The Courier News from Blytheville, Arkansas on August 5, 1966 · Page 4
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The Courier News from Blytheville, Arkansas · Page 4

Blytheville, Arkansas
Issue Date:
Friday, August 5, 1966
Page 4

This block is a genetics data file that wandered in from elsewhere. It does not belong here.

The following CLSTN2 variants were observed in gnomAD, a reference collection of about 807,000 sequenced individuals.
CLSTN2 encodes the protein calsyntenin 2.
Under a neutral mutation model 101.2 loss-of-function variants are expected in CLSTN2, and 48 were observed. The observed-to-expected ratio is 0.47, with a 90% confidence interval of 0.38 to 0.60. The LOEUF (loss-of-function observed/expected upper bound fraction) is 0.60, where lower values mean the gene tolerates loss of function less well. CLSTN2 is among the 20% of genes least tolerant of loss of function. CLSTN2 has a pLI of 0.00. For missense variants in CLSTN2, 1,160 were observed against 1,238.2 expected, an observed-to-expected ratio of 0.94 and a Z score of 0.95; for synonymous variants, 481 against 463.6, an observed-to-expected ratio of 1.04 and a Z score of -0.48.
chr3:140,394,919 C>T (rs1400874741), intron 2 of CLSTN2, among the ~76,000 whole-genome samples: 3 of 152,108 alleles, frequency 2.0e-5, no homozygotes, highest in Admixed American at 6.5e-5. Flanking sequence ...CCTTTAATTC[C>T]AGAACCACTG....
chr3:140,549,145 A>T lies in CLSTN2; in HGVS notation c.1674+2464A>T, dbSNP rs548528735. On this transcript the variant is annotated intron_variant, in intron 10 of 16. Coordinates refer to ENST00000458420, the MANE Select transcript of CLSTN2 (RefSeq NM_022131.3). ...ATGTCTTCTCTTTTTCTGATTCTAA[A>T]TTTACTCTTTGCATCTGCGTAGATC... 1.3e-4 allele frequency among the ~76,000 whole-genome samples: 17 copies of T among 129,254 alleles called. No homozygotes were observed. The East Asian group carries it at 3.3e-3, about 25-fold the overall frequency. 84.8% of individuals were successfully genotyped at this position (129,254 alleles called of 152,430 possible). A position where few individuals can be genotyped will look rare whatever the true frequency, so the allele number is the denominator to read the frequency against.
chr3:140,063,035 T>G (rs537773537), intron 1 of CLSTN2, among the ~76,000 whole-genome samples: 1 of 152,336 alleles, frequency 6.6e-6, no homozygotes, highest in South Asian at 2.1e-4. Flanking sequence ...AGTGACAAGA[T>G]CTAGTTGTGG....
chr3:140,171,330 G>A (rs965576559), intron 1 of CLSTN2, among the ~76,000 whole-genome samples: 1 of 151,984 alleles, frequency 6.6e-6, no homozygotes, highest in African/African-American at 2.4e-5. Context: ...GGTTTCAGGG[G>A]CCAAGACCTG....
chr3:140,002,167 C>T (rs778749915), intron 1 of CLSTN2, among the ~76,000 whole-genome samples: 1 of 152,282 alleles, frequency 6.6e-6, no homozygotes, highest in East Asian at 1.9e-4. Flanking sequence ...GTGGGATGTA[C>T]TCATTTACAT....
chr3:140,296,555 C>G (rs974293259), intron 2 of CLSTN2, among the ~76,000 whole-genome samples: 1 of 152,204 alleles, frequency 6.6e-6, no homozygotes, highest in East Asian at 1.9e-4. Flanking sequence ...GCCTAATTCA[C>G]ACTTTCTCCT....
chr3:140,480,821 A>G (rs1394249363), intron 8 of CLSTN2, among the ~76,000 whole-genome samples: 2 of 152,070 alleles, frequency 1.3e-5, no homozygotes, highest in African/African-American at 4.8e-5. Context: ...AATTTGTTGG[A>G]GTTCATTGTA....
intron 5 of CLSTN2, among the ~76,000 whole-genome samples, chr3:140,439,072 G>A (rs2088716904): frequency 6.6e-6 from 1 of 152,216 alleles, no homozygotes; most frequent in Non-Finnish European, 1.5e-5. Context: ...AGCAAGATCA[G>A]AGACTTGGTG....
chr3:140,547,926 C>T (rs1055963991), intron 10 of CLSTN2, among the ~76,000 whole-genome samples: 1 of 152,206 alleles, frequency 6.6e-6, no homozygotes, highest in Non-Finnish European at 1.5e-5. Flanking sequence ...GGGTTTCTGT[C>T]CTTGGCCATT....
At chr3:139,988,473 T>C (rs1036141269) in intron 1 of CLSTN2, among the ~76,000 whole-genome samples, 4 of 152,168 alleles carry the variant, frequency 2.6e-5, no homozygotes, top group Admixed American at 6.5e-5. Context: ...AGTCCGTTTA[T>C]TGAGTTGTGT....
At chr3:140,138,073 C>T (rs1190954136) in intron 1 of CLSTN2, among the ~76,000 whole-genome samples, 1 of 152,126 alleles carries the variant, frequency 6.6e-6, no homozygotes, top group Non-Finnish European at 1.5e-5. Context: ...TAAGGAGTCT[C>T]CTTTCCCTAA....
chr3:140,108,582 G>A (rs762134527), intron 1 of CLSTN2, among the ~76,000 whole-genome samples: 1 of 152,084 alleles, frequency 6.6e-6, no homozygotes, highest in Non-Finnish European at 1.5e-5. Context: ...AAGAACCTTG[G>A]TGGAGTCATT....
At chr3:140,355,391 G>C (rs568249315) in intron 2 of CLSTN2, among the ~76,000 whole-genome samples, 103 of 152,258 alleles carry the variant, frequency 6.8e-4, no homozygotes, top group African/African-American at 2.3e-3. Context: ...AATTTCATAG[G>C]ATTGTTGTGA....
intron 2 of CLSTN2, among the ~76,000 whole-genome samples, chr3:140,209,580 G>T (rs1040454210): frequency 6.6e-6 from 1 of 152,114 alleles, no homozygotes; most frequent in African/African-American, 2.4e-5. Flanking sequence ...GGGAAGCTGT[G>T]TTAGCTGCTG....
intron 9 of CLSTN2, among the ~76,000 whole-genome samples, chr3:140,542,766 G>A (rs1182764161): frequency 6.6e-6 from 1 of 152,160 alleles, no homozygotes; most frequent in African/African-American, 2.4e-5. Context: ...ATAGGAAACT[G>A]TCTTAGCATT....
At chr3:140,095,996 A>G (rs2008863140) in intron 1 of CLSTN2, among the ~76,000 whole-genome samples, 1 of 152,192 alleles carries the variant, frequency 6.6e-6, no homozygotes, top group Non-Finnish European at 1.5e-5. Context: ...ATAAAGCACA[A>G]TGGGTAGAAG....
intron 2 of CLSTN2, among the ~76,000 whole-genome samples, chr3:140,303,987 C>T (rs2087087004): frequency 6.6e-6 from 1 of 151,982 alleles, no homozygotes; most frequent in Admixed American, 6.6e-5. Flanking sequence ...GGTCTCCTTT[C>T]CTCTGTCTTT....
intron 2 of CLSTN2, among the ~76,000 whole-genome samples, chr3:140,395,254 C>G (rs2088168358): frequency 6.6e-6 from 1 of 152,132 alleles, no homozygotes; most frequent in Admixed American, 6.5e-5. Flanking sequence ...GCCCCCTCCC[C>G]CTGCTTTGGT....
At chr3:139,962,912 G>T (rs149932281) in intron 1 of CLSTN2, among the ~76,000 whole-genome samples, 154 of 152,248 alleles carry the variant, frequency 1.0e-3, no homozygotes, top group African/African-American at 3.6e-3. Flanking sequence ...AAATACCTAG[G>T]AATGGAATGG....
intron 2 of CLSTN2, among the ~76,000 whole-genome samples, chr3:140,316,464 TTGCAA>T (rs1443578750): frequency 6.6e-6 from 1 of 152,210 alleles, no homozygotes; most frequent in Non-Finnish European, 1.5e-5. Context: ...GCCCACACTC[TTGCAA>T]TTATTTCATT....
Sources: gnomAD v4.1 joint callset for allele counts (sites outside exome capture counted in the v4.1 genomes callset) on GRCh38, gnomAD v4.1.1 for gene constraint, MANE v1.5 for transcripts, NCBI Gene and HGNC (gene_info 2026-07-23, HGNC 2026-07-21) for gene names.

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A Logical Choice Dr. James D. Bales, professor of Christian doctrine at Harding College in Searcy, is a logical man to be joining Jim Johnson's campaign for governor. Harding College's campus ia headquarters for the National Education Program, which could produce some arguments against such innovations as the income tax and social security. Although Dr. Bales' position on these two non-issues is not well known in this part of the state, it would seem reasonable that he would find sanctuary in the Johnson headquarters. The NEP is a provider of sustenance for every right wing cause and some of its films have been used by the John Birch Society and heaven only knows who else. Dr. Bales' most recent incursion on the front pages of the state's newspapers was as a participant in the debate on evolution, which was held in Little Rock. Dr. Bales, as you might guess, is a Genesis theorist insofar as the question of evolution is concerned. He should find things quite cozy in the Johnson camp. It is to be hoped that Dr. Bales' . personal action in offering his support to Mr. Johnson is an example of the sort of political independence, which someday will be within reach of all Arkansas educators. This hope is based on the assumption that Dr. Bales could have endorsed Brooks Hays, Frank Holt or Winthrop Rockefeller had he chosen to do so.. .without fear of recrimination from his superiors at Harding. If these assumptions are valid, then there is a healthy political atmosphere at Harding which would be salutary on the campuses of our state-supported institutions. * * * It fell the lot of Dr. Ralph A. Phelps, president of Ouachita Baptist University, to point out T. J. Gentry's ambivalent positions regarding Hot Springs gambling. Mr. Gentry is running against John Fogleman for a position on the Arkansas Supreme Court. Mr. Gentry in 1956 as attorney general led some efforts to close gambling in Hot Springs. However, he spoke on behalf of the legalized gambling amendment two years ago. Dr. Phelps finds this record somewhat disturbing. We would suggest that you not give it another thought. Simply vote for John Fogleman, one of the most qualified men ever to offer himself for the Arkansas Supreme Court. (Bailor 5 Hoti in <Ti tPC W^ 'by- Dick Kleiner HOLLYWOOD (NBA) ABC was so successful with Its second season gimmick last year— Batman was the big second season hit - that it looks as though aU the networks will go that route this year. . The three networks already have shows warmed up and ready to go. Just let any show falter badly this fall and out it goes before you can say "Holy Replacement." And chances : are come January AFB, CBS and NBC will lop off the lowest- ranking 25 per cent and slip in some of these new ones. Even before the fall pre- - a truck pulled up in front O l the Memphis house. The driver wanted 'to know where to pul the 800 pounds of lead. Marguerite bad forgotten to tell her husband about that littli purchase. The sheets of lead wert to.line a wading pond. Condon had sent it ./back and now he'd have tc get it back again; • Marguerite, with her six children growing up, is getting more active again. She has discovered a gold mine — singing at conventions. She says sh« does one show and gets more money than when she plays a mieres, I hear that several of (week in a night club. What shf Fully understanding that the public mem- . ory is short and the public will often is weak, still it would be refreshing to hear some mass murderer remembered as something besides "a nice guy with a great sensayumer." Nice guys really don't kill people. Honest. Nice guys, we suppose, sometimes get sick and kill people. That would be for someone else to say. However, the suspicion persists that many Americans can't resist the temptations (any more than they can carry the responsibilities) when suddenly they become an expert on something. If you lived next door to a mass murderer for the past five years, you're an expert on this person. First, there is the temptation to startle. "He was always a nice guy with a great sen- rsayumer." There. That'll do for starters ; because who the hell expects a mass mur- -derer to be "nice" and "humorous?" " Then there is the temptation to disremem- •':ber. There is really no reason to pass along "the information that the youngster as a child .cut off the heads of six neighborhood cats, "now is there? There are two things involved here: our good intentions to do well by every- 'one, and our resolve not to make anyone angry with us and not to face some grisly facts of life. • So we play this little game and we dis- . remember. "He was a good little boy," we recall, leaning especially hard on "good," to give it a maternal ring, "He was a GOOD little boy;" or sometimes lending special emphasis to both "good" and "little" in keeping with the great American dream that though this young man or woman began .life as a "good" person society—the ubiquitous "they" out yonder—done him wrong and what could you expect with rioting in the streets and that man in the White House and Bobby Kennedy horsing around with Africans. Good boys go bad quickly in this society. Mrs. Oswald said her son was "a good boy." We wonder. He renounced the United States of America publicly on more than one occasion and moved to Russia. Not only is this not good, it's not very bright. Certainly, if Jack Ruby's mother (or some of his old family friends from his boyhood neighborhood), were asked he'd be described as a good boy. In his manhood, of course, he was no such thing. He ran a strip joint and his associates were strippers and known and suspected felons. In fact, he was a bad sort. Mothers are beyond the bounds of objectivity when assaying their sons, but just once it would be refreshing to hear a neighbor report: "Yeah, I knew that Adolph Hitler. Frank- j ly, he showed homicidal tendencies even when he was a little kid. I was always scared to death of him." -H.A.H. *?*** <3OOl> CUSTOMER &OrJE BIOSATT AND CROMLFY IN WASHINGTON Cease-Fire Technique Is Red's Not-So-Secret Weapon DON'T cry when you send your boy away to camp this summer. Remember, you're not losing a son. You're gaining two frogs, a turtle, a garter snake and a matched set of field mice.—Plymouth (Wis.) Review. "ON Wednesday the Ladies Aid of the Methodist Church will hold a rummage sale. This will be a good chance to get rid of anything not worth keeping, but too good to throw away. Bring your husband."—Notice in a rural paper. JACOBY ON BRIDGE WEST NORTH 5 41085 V 109 4 A73 *AK743 EAST 4J7432 VK75 V8432 4 K 10 8 64 4Q5 + QJ8 *96 SOUTH (D) AAKQ ¥AQJ6 4 J92 41052 Both vulnerable West North East South 1 N.T. Pass 3 N.Ti Pass Pass Pass Opening lead—4 6 Our guess is that most players ; would succeed in being set at today's three no - trump contract. They would play a low .diamond from dummy at trick .one. East would, win with the ...queen and return the suit and eventually declarer would lose >l',,four diamonds and either a club "or a heart. There would prob- '-ably be a few comments about ; finesses not working and the • next hand would be dealt. ••;•. An expert woud go right up '".with dummy's ace. of diamonds. Tiien he would lose the heart finesse but no harm would be ;done. The diamond suit would be blocked and expert South •".would make his contract with three spades, three hearts, and .one diamond and two clubs. ;;; This is such an important rase cf an exception to the rule of .i'jecond hand low that it is worth ioalyziug thvoufhly. To itart, with, South only fears a give two or six - one diamond break. Assuming a fourth best lead, East has only one diamond higher than the six. It must be either the king, queen, ten or eight. It is not the eight. West would not open the six from a suit headed by king- queen-ten. Thus it is one of tbe three higher cards. M it is the king or queen the play of the ace will lead to a block of the diamond suit while the ordinary play of second hand low will permit Wes to establish the suit right away If it is the ten, the ace play will lose, while the duck will be really successful. Thus, the ace play is not sure thing. It is only a two to one favorite but those odds are good enough. "Wilson's got to be kidding—expecting US to accept on austerity program!" By RAY CROMLEY Washington Correspondent Newspaper Enterprise Assn. WASHINGTON (NEA) For two decades, the cease- fire has been a major Communist military weapon. A cease-fire, with the United States as moderator, enabled Mao Tse-tung's Communists to take over China. It gave them the time and the safety from attack they needed to arm themselves with weapons the Japanese surrendered at the end of World War II. Mao's armies were militarily weak, had few arms and little ammunition. The Japanese were surrendering large quantities of weapons to anyone on hand. The Chinese Communists needed a breathing spell to get those arms to their scattered troops. The cease-fire gave them that period of safety. They kept the truce only long enough to finish the refitting. When they began to lose in Korea, the Chinese Reds called for truce talks. These talks halted the big U.S. drive north. The Chinese stalled while they built up their local forces, corrected their basic weaknesses in weapons and equipment. This build-up meant that a | the Reds. Inspection teams fail- resumed U.S. advance w o u 1 d ! ed in North Korea and Laos. I have been much more costly. It put the United States in a weaker bargaining position, enabled Mao to put through an agreement so impotent he broke it openly and repeatedly. Hanoi used the Laotian talks to strengthen its military positions. In South Viet Nam, a cease- fire would give the Communists a free hand to recruit and train additional troops and to infiltrate more arms and men. The Control Commission in Viet Nam has set a dismal record. There are thousands of Viet Cong pockets in South Viet Nam Each would have to be policed with units acceptable to both sides. The Red members of each unit would bar visits to critical areas or stall them. By the time the inspectors arrived, what they sought to see would be hidden or moved. . The job would be like trying to keep track of smuggling in a the new shows are already in trouble. So it looks as if it will be a jolly year for casualties. Marguerite Piazza sat in her hotel room here and called her husband in Memphis to see about having the snuff truck pick up the Mary Poppins lamp. If you're rich and beautiful, these are the kind of problems you face every day. Miss Piazza, the sexy soprano is married to William Condon, a Memphis industrialist w h 6 manufactures snuff, among other things. If you thought snuff was passe, sniff again. Marguerite says it's big business and, once a week, Condon's company sends a truckload of snuff to Los Angeles. You gee, it's not to sneeze at. She had bought a lamp from the Mary Poppins set — wouldn't your, kid love one? — and now she had to figure out how to get it home. So that's where the snuff truck, on its- return trip, came in. Only trouble was that Condon had arranged forthe truck to pick up a load of raisins. Will there be room for the lamp among the raisins? Tune in next week. Life in the Condon borne must be full of surprises. While she was here — all this came out during the phone conversation Most of the Communist mili- state of 15 million. If there tary organization is underground Supply routes are secret. Open inspection would be like watching the Cosa Nostra and its supply lines with no undercover men. * * * A cease - fire couldn't stop Viet Cong assassinations, kid- were 200,000 smugglers, most of whom had a bevy of relatives, if every Police smuggler • control team of two consisted of one policeman and one smuggler. It staggers the Imagination. Asian Communist leaders brag about their cease - fire techniques. In private talks in China nappings and other terrorist at-'in World War II, som of these tacks, now at the rate of 11,000 to 17,000 a year. It couldn't stop Red guerrilla troops from attacking whenever they wanted. In every case, as in China, they'd claim the other side had started the firing. The inspection teams the United States deployed in China after World War II didn't stop men were quite frank. In a war, they said, a man uses all the means at his command. "We fight when we're winning," said one top Communist. "When things aren't going well, then we call for talks or a truce to give us time to consolidate our gains for another push later." Sunday School Lesson- By RALPH W. LOEW, D.D. At a recent national convention, a statement concerning the relations of church and state was under consideration. The comment had been thoroughly debated and the moment for the final vote was at hand. At that precise juncture, a delegate arose to make an amendment which would have added the words of the "Pledge of Allegiance." It might have been a sticky parliamentary problem ; for to vote for its exclusion was like voting against one's country. Or voting in opposition to motherhood. The presiding of' ficer handled the issue skillfully and the event passed. Yet it's remembered as a symbol of the way in which we attempt to take good words of faith in all of the areas of life and turn them Into fetishes. The Pledge of Allegiance is a rather recent addition to the American statement of national purpose. Written in 1892 by Francis Bellamy, its amend' ment occurred in 1954 when the words "under God" were added. Children have joined with Blytheville (Ark.) Courier News Friday, 5, 1966 Page Four adults in this much - quoted pledge which deserves better than inane usage, banality or oversentimentalizalion. The Pledge of Allegiance raises the important issue of values guaranteed by the Declaration of Independence and Constitution. We are assured that liberty and justice are not political gifts. These were not gratuities dispensed by the gov. ernment to lawabiding citizens. We witness to the world that these are inalienable rights. They grow out of the very nature of man. They have deep spiritual rootage. Without consideration and constant scrutiny, such a pledge can become so meaningless that it could repeated by a person In any number of situations with out thought. For instance, the generally gentle, civilized and cultured citizens of South Africa can tolerate a government which places its critics under house arrest. So a man who criticizes the racial policies of that government is in danger of being denied the right of attending a public meetjng, visiting with his relatives after dark and denied any of the privileges of society Yet this can be justified by men who dub a man such as Alan Paton as an enemy of the state. Any of us rationalize our compromises with our ideals and justify our injustices while all the time "pledging allegiance." "My definition of a free society," said Adlai Stevenson, "is a society where it is safe to be unpopular." It is in this understanding of the rights which guarantee our responsibilities which defend our rights that we find the expres< sion of liberty and justice. This fine statement deserves to be more than a pious platitude or empty cliche. It ought to be more than just a kind of empty seal of patriotism. It demands that daily scrutiny of liberty and of justice, the recommittal of an individual to something more than just mouthing the words. Varnish, which dates back to prehistoric times, comes from a tree found in China and Jap»n. It yields a milky juice from which varnish or lacquer is prepared. The name itself comes from th« corruption of the name of an Egyptian queen. Ptolemy III save this name to a certain kind of reiin then und because it matched the color of tbe hair of hit queen. 75 Years Ago -In BlytheYille Eighty .National Guardsmen Tom Blytheville joined some 3,000 others from Arkansas today in a move to Camp Polk, La. by truck and train for their annual two week encampment. Mrs. Charles Crigger Jr. invited, 2,0 members of Blytheville's social set to call at the Country Club between 10 and 12 to greet Miss Patricia McKenzie of San Francisco, Calif., bride elect of Charles Crigger III. Mrs. Melvin H a 1 s e 11 and daughter, Dianne. are spending the weekend in St. Louis. Mr. and Mrs. Freeman Jernigan and son, left today for Jackson, Miss, to make their home. really wants, though, is a good Broadway musical, a. television show of her own and the Mary Pippins lamp in the.snuff truck. Of course, Howard Duff hopes that his new ABC series — Felony Squad —is a hit. But it isn't exactly the series he signed to do. When this one was first con. ceived, it was supposed to bi "the Peyton Place of the cops." But the network bought it and then insisted on a c o m p 1 e 11 change of concept. The charao ters were retained, but now II is a straight cops - and- rating! show. "I wasn't sure about t.h« switch at first," Duff said, "bul I went along with it." Now he likes the idea. They'ri filming it mostly on location in and around Los Angeles. Last year, Duff was mostly i director. He turned out six Camp Runamucks. "But I found," he says, "thai I couldn't sleep. So now I'm back to acting." Of course, it might'not have been directing which disturbed his sleep. Maybe-it was Camp Runamuck. THE RT-VTHEVILLB COURIER NEWS THE COURIEK NB1V6 CO. H. W. HA1NES. PUBLISHER HARRY A. HAINES Assistant t'ubllsner-Editor PAUL D. HUMAN Advertising Manager Snle National Advertising Representative Wallace Wltraer Co. New torfcv Chicago, Detroit. Atlanta. .-Mtmpllll Second-class postage paid at BIrthevilie, Ark. Member of the Associated Presa SUBSCRIPTION RATES Bj carrier In the citj ol Blvtht. ville or any suburban town when earner service Is maintained 35c pel week S1.50 tier month. By mail within a radlui ol 31 mile:.. $8.00 per year 55 00 for su months. $3.00 for three months, b) mall, outside 50 mile radius «18.0I per rear parable tn advance. Mai) subscriptions are not accept- e"* in towns and cities where Th( Courier News carrier service 1: maintained Mall subscriptions an parable In advance NOTE: The Courier fr*wi .asinine; no responsibility for photofrapht manuscripts, engravings or "mati left with it for possible publication Winter Resort Answer to Previous Puzilt ACROSS suffix I Valley, 39 Deprived, as of Idaho hope 4 clothes 41 Sphere 7 Evening log 43 Shield 47 Bank customer 11 Sicilian volcano 52 Masculine name .12 Sailor SfDescry ISIdea (comb. 54-— ride form) 56 On the ocean 14Koundworm 57 Compass point 18 Money at 58 Was carried interest 59 Dropped 17 Mouths (anat.) « Color 18 European winter 61 Follower g layground DOWN rug from 1 Cubic meter cassia 2 Deprive 'of 22 Historical stage courage 23 Formal speaker 3 National fliers' 27 Golf mound , group (ab.) 30 Elbe tributary 4 Pack 33 Roman .emperor 5 Moslem lower 34 Make a mistake judge (var.) 35Lettuce typ« - ' -36 And others fab.) 37 Sandy wattes 38 Su erlativc 6 Angers 7Threadllk<! t.Worshiper of \dols 9 Harvest 10 Eternities (law) 11 Biblical 38 Recedes patriarch 37 Consumed'. 15 Former Russian 40 Card game rglcr 42 Regal JOtH serum (comb. 44 Cooked leg of form) lamb 21 Neither 45 Mohammedan 24 Poker staka decree 25 Rip 46 Rational 26 Shield bearing .47 Hard of hoarlnt 26 Before 48 Essential being 29 unit of energy 49 Roman highway 30 sports 50 Musical quality 31 Distress signal 51 Biblical name 32Barto testimony 5fiG>psy horse